Staunton, June 22 – The share of Russians who approve the actions of Stalin during World War II has indeed risen over the last decade but not simply because of Kremlin propaganda, Aleksandr Minkin says. It also reflects the passing of an entire generation who knew what he did and the rise of one for whom Stalin is only a distant historical figure.
In a Moskovsky komsomolets commentary, the Moscow journalist points out that the share of Russians approving Stalin’s actions during the war rose from 40 percent in 2005 to 50 percent this year, according to Public Opinion Foundation polls. But these are not the same Russians (mk.ru/politics/2017/06/21/lyubitelyam-stalina.html).
Between 2005 and 2016, Minkin points out, 24 million Russian citizens died, most of them older, and were largely replaced by younger people. In addition, some five million Russian citizens emigrated. Those who chose to leave were unlikely to have been Stalin partisans; and those who died knew Stalin far better and more directly than those who came after them.
“Of course,” he continues, “the atmosphere as changed a little. People try to correctly answer pollsters’ questions in order to avoid unpleasant consequences. Just imagine,” Minkin says, how a Russian would respond to a query about Nicholas II in 1916 or one about Khrushchev in 1956.ith
And “propaganda does work, both direct and indirect. Try to count how often the name Stalin sounds alongside the word ‘victory’ and how often next to the word ‘GULAG.’” The difference turns out to be hundreds or thousands of times, especially for those who live with television.
It is “completely possible,” he continues, that some Russians have changed their minds about Stalin, but that is not the “main” explanation for the rising levels of approval for the late dictator. Russians “have not so much changed their minds as died off,” Minkin says.
“Twenty-four million dead is more than 20 percent of adults. The old die and the new grow up. The former knew about Stalin more than the current generation does,” and they haven’t forgotten entirely what he did to them and their country. “They experienced it on their own skin. They knew the war and not about the war. They saw more trenches than parades.”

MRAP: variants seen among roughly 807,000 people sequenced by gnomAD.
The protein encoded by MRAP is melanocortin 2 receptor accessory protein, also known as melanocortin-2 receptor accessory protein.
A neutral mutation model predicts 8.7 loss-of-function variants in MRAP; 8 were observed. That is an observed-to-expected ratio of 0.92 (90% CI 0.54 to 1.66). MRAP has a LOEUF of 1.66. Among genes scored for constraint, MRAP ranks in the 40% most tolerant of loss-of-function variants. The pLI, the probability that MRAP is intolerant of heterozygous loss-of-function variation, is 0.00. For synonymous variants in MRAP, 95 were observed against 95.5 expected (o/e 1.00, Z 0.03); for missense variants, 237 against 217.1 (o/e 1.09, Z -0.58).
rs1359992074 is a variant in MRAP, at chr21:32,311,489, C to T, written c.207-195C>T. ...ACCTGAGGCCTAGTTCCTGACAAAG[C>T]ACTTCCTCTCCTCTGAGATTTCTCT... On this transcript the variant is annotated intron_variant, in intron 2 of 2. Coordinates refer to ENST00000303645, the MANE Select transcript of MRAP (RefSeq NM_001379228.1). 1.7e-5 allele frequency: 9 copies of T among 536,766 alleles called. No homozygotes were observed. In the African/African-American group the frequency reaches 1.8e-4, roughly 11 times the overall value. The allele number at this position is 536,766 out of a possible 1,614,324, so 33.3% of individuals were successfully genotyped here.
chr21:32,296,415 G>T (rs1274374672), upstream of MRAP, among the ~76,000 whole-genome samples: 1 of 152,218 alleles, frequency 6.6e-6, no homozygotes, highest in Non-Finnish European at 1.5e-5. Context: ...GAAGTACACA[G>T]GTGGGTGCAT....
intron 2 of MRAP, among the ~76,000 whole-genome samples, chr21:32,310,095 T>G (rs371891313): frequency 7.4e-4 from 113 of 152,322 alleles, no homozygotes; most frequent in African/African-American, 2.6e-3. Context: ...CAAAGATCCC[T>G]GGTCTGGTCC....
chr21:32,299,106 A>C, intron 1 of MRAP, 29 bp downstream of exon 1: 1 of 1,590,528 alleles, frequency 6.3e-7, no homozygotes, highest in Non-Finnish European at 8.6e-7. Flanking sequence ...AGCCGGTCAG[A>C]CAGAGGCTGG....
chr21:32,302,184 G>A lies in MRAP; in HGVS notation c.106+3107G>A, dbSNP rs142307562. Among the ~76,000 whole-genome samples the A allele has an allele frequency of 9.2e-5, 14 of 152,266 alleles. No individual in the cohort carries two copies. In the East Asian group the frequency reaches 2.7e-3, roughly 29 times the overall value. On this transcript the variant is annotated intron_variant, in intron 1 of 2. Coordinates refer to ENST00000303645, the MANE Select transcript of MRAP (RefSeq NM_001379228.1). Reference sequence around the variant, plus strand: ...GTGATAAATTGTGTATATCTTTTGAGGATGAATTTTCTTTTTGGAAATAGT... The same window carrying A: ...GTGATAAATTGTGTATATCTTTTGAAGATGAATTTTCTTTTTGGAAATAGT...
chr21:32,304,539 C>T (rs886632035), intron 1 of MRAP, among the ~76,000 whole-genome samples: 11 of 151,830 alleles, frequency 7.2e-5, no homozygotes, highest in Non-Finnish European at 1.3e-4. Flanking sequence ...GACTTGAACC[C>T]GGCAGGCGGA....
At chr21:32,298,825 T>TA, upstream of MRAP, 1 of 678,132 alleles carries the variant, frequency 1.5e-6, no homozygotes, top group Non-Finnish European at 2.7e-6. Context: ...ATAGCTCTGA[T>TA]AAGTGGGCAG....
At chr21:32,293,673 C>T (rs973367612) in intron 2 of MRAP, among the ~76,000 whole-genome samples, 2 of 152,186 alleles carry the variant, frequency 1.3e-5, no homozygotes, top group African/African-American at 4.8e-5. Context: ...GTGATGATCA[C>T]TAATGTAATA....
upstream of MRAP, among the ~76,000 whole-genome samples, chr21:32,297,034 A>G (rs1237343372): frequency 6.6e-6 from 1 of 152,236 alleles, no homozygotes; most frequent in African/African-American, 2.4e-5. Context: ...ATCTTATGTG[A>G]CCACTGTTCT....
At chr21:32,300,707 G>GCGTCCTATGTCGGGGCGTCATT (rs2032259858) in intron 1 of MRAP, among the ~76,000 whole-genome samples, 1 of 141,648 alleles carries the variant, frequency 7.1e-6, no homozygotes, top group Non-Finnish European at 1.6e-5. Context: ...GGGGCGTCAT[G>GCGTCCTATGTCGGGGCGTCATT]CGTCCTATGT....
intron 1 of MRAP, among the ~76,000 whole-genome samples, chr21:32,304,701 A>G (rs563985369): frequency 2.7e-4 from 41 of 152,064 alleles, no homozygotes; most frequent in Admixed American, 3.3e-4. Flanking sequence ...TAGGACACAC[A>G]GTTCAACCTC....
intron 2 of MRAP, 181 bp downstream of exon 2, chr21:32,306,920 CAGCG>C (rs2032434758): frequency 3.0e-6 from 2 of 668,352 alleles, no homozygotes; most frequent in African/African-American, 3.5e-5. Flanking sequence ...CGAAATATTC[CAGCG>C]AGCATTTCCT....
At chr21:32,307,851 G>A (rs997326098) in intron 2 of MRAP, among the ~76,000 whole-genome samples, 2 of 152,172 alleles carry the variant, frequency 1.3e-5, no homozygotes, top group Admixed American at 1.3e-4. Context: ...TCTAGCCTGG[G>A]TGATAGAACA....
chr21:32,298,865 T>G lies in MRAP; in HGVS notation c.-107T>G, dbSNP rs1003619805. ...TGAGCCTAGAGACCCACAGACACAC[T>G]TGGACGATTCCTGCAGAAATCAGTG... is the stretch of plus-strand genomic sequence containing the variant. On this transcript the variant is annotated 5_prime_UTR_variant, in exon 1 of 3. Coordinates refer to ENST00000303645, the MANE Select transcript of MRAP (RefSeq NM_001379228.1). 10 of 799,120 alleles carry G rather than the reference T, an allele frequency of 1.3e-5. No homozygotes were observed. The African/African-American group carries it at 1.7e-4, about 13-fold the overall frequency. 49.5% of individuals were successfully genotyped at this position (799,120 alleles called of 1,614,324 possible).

But Russians today, the commentator says, “see only parades … and the fewer the witnesses there are, the easier it is to make things up.”
Minkin writes that over the last two months he has been asking young Russians about Stalin’s times. The majority don’t know what Kolyma means. And one young Russian observed that Magadan is “a fish” rather than the site of one of the most horrific Stalinist camps in the GULAG system.”
Those who read Sharlamov’s Kolyma Stories would never give such an answer, he argues, “but the percent of those who know this book is strikingly fewer than it was at the end of the 1980s.” Those who read it haven’t forgotten it: “they have simply died off,” and the generation that has come after them doesn’t know it at all.
Those who were GULAG guards, of course, loved Stalin as a god just as do those who are their successors. And today, Minkin says, “there are guards at each step … hundreds of thousands. And we are world champions on this measure while paradoxically world champions in thefts as well.”
It is true that many Russians want to restore the harshness of Stalin, but they don’t want this “for themselves but rather for corrupt bureaucrats. [They even] want to return the death penalty but again hardly for themselves.”
And it is also true, the Moscow commentator says, that many want to give the correct answer to any questions because they are convinced that the powers can monitor everything they say, even how they vote, and that the wrong answers can entail bad consequences.
“The phrase, ‘For the Motherland without Stalin’ generates discomfort for [Russians. They] do not want to hear or even more to repeat it,” Minkin concludes. “Because it can generate an unbidden association with some stupid unsanctioned cries of the type ‘For Russia without Putin.’”